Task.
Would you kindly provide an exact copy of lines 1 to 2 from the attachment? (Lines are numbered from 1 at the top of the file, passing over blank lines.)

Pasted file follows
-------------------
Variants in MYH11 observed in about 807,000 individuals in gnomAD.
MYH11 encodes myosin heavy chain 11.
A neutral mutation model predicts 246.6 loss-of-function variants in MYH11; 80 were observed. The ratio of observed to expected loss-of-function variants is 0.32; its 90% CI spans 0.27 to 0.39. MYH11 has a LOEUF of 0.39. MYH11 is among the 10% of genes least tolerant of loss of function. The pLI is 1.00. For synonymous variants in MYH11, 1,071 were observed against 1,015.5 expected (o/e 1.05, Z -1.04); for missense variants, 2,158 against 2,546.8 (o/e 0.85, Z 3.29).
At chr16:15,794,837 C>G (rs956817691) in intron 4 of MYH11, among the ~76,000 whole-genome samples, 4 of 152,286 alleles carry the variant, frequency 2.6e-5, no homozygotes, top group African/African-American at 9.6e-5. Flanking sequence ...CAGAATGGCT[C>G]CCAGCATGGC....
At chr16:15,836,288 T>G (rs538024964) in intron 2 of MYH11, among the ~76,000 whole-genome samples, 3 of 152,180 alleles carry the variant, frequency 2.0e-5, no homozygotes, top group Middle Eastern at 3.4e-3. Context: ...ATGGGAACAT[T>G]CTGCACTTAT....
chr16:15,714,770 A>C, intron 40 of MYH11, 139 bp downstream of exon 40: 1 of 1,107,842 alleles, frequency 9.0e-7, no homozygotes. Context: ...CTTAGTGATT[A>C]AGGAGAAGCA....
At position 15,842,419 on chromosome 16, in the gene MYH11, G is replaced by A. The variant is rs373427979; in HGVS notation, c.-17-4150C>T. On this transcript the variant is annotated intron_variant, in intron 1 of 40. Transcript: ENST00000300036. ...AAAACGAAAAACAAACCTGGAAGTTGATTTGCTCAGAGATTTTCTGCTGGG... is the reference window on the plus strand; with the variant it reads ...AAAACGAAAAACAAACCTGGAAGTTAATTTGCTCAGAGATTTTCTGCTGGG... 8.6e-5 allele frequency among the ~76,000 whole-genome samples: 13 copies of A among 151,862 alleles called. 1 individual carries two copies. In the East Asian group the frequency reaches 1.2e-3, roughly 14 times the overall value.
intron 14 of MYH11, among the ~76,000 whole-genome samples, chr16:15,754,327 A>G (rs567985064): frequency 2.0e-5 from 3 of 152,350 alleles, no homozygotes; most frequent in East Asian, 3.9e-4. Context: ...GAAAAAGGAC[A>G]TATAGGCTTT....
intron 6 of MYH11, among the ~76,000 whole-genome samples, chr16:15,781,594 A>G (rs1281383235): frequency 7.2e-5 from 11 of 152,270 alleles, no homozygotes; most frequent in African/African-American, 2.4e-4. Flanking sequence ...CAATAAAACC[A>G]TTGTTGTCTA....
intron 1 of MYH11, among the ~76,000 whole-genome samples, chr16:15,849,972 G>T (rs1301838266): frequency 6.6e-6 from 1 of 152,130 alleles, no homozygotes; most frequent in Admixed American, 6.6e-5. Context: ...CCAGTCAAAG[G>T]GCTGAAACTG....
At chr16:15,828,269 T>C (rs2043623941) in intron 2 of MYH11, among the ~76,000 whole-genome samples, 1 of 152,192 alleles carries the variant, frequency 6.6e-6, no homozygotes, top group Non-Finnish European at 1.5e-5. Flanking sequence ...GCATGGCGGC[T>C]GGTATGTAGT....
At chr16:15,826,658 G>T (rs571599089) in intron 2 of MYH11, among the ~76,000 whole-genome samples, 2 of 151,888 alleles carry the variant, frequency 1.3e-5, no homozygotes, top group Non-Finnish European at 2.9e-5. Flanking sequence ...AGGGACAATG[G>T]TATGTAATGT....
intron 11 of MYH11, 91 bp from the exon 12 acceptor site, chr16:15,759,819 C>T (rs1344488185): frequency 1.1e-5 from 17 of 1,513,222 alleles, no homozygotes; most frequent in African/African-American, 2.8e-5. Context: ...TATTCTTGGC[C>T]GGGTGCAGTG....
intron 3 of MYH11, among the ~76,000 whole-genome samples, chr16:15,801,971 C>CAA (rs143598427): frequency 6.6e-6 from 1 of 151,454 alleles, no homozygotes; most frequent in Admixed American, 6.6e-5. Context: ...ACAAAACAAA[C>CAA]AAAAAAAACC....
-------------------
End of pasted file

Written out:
Variants in MYH11 observed in about 807,000 individuals in gnomAD.
MYH11 encodes myosin heavy chain 11.